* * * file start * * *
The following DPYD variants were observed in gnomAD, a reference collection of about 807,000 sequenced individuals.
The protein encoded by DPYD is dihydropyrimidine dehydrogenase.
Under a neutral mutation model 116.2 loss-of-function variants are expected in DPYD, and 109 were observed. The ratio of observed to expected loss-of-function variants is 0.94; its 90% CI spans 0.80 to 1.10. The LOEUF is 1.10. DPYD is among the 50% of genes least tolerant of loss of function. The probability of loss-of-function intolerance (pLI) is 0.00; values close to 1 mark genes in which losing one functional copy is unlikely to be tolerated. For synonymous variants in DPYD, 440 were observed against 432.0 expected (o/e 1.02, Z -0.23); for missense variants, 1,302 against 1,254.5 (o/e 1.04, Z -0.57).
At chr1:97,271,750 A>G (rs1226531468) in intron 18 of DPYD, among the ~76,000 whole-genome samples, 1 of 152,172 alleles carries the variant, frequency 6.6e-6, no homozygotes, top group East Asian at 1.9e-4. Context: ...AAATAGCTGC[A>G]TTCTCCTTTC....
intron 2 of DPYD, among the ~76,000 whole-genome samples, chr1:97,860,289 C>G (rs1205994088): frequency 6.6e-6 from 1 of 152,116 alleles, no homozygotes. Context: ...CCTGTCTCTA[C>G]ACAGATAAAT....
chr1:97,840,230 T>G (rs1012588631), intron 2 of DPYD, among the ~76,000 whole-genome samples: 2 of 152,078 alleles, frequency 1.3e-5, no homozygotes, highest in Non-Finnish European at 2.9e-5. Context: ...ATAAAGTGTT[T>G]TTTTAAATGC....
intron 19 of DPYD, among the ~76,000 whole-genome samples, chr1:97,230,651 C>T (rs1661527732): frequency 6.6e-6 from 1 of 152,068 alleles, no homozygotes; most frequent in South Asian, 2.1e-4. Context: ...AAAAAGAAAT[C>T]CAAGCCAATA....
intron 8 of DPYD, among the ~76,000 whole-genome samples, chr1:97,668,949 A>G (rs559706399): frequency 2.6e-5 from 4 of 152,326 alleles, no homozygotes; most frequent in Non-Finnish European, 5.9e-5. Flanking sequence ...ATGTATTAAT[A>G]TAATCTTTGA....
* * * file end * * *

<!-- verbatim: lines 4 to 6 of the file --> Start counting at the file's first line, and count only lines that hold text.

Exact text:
At chr1:97,271,750 A>G (rs1226531468) in intron 18 of DPYD, among the ~76,000 whole-genome samples, 1 of 152,172 alleles carries the variant, frequency 6.6e-6, no homozygotes, top group East Asian at 1.9e-4. Context: ...AAATAGCTGC[A>G]TTCTCCTTTC....
intron 2 of DPYD, among the ~76,000 whole-genome samples, chr1:97,860,289 C>G (rs1205994088): frequency 6.6e-6 from 1 of 152,116 alleles, no homozygotes. Context: ...CCTGTCTCTA[C>G]ACAGATAAAT....
chr1:97,840,230 T>G (rs1012588631), intron 2 of DPYD, among the ~76,000 whole-genome samples: 2 of 152,078 alleles, frequency 1.3e-5, no homozygotes, highest in Non-Finnish European at 2.9e-5. Context: ...ATAAAGTGTT[T>G]TTTTAAATGC....